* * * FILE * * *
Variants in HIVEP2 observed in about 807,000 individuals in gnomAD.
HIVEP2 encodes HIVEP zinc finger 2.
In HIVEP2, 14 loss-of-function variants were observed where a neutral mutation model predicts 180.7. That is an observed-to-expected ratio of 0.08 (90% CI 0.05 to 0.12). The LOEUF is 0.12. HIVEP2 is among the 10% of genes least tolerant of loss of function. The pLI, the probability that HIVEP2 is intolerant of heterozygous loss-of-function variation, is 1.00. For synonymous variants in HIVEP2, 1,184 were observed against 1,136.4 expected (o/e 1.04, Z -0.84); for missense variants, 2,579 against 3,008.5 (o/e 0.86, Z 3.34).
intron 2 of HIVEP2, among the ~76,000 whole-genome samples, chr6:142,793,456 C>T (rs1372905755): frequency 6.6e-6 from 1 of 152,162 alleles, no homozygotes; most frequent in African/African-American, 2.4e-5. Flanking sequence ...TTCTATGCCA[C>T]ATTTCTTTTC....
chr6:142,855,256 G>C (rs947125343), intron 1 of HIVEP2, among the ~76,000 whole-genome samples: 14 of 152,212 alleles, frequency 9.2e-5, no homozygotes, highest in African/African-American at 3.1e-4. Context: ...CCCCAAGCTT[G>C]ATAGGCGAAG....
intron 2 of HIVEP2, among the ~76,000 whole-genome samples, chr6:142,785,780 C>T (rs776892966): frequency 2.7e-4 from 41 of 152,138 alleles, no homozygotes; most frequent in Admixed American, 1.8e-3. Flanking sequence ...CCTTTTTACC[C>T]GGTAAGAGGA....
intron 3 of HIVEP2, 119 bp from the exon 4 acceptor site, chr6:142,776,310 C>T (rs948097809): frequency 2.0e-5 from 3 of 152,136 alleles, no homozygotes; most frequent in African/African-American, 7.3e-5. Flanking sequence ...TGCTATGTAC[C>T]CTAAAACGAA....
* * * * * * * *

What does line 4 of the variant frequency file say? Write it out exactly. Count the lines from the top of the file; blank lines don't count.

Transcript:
intron 2 of HIVEP2, among the ~76,000 whole-genome samples, chr6:142,793,456 C>T (rs1372905755): frequency 6.6e-6 from 1 of 152,162 alleles, no homozygotes; most frequent in African/African-American, 2.4e-5. Flanking sequence ...TTCTATGCCA[C>T]ATTTCTTTTC....